A phone app that tracked people’s travels throughout the pandemic has been deactivated, according to an announcement from China.
At the end of Monday, the national app, which has been in use for three years, will be discontinued.
The most recent policy shift indicates Beijing is giving up its contentious “zero-CO2” goal.
Due to the continued use of local apps in cities all throughout China, despite the move’s strong symbolic value, it will not have a significant influence on people’s day-to-day lives. (Also Read: US sports journalist Grant Wahl dies in Qatar)
One of the main components of China’s “zero-COVID” policy was the state-run Communications Itinerary Card app, which tracks travel to high-risk areas via phone signals.
The software needed users to submit their phone numbers in order to display a green arrow that indicated they could move between regions and enter events.
Since the COVID prevention limitations have been lifted, it is easier to move across provinces; thus, authorities have abandoned the national app.
China’s social media users generally applaud the app’s demise.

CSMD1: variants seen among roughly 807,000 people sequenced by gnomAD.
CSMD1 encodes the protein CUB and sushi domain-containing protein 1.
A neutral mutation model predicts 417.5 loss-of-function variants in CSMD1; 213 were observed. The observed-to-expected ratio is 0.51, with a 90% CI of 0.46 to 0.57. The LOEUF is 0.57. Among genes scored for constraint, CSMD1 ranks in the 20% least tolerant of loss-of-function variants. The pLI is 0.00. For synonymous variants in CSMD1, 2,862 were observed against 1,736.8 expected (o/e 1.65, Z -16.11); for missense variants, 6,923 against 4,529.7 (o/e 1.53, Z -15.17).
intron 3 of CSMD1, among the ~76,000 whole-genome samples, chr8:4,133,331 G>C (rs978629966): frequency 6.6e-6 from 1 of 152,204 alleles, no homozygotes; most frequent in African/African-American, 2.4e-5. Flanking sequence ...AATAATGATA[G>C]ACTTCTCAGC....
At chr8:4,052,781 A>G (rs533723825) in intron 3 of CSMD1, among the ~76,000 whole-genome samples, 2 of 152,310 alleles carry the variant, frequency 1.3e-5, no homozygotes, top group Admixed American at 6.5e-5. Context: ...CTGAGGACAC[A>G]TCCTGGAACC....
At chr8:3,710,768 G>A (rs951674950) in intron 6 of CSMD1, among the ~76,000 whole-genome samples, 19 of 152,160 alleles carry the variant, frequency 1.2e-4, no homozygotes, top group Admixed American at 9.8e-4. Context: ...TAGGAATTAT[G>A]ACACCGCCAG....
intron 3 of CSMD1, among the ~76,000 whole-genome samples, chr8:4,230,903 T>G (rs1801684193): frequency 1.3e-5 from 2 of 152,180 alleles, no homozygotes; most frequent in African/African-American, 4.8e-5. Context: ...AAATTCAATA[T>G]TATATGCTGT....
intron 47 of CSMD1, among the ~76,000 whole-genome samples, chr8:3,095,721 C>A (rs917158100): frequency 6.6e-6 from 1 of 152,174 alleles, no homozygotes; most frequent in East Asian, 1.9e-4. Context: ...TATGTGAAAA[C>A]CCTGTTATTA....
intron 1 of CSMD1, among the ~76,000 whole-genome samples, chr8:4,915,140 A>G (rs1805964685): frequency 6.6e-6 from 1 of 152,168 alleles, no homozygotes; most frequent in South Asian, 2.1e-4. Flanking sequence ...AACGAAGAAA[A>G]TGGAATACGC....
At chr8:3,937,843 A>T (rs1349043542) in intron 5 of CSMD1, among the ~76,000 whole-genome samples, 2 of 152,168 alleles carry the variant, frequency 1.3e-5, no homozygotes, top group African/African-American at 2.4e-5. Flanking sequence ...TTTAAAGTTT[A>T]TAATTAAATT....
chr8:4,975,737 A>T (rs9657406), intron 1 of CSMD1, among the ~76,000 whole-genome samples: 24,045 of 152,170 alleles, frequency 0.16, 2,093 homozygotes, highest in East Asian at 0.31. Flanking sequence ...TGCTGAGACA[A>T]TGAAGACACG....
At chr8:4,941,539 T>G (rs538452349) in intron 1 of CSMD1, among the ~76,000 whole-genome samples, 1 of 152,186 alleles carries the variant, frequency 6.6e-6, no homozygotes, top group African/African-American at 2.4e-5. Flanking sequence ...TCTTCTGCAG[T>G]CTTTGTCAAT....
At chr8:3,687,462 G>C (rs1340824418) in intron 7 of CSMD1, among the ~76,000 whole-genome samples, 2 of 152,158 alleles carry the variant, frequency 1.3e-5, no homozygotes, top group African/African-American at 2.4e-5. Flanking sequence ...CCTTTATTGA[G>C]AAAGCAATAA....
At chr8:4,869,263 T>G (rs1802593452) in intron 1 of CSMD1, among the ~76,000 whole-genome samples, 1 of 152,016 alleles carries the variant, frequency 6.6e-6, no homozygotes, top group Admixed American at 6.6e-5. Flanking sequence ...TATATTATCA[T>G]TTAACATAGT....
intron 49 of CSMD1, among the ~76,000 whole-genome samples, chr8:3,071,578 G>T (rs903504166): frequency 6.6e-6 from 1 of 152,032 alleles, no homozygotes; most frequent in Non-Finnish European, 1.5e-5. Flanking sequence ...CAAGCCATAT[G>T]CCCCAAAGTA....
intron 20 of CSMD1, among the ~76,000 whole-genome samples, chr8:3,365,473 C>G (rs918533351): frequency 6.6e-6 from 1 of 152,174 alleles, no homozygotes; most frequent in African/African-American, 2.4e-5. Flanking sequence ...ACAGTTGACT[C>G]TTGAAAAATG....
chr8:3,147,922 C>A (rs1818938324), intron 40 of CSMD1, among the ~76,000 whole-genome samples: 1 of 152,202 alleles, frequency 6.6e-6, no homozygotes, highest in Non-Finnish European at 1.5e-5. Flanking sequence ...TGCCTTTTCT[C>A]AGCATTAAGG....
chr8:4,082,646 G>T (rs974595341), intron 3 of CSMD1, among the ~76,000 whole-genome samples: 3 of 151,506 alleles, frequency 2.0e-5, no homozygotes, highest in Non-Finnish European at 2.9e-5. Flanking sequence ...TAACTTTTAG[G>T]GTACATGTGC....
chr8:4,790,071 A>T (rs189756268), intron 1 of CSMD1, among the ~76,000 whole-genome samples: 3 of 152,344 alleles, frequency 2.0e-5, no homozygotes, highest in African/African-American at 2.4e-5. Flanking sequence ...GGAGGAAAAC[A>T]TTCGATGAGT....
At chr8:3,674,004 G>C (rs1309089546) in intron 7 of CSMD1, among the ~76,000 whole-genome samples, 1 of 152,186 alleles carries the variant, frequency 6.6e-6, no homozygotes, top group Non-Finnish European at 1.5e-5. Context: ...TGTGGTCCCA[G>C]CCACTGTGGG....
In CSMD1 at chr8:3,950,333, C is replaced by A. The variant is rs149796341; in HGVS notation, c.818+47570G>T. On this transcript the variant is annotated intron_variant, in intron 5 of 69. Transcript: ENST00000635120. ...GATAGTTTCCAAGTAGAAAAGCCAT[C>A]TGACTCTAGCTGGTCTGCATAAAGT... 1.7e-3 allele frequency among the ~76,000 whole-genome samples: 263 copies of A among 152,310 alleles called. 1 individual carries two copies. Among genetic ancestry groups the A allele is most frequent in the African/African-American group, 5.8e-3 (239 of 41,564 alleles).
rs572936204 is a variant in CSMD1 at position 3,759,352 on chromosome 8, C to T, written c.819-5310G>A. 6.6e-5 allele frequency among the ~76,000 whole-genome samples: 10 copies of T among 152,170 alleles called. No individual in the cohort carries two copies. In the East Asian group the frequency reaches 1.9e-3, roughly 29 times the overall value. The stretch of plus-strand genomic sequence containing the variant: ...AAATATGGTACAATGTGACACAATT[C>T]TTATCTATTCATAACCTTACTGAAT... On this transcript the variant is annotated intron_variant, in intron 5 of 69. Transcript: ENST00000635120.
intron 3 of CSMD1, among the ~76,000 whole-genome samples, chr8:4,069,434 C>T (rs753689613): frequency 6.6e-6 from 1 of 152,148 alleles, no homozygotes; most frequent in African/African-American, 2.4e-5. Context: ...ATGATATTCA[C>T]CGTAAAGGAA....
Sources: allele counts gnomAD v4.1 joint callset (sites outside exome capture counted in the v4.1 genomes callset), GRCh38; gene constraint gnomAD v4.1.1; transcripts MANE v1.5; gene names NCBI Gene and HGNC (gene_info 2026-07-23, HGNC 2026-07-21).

However, it is just one of several tracking applications that have controlled daily life in China. Many individuals still use scanning systems run by their city or province to access neighborhood amenities and public facilities.
The policy shift is symbolic for a country that is abandoning its contentious “zero-carbon” approach in the wake of protracted demonstrations in numerous towns.
Ten people were murdered in a high-rise building fire in western Xinjiang in November, which sparked recent unrest. The rescue effort was hampered by long-standing restrictions, which were blamed for the fire.
Following regulatory reforms, patients with COVID are now able to isolate at home rather than in government facilities, and mass testing has been broadly relaxed.
China is currently seeing an increase in COVID instances; according to Beijing officials, over 22,000 individuals attended hospitals across the city on Sunday, which is a 16-fold increase from the previous week.
China reported 8,626 domestic cases on Sunday, but the actual number is likely far higher because testing is no longer widely practiced.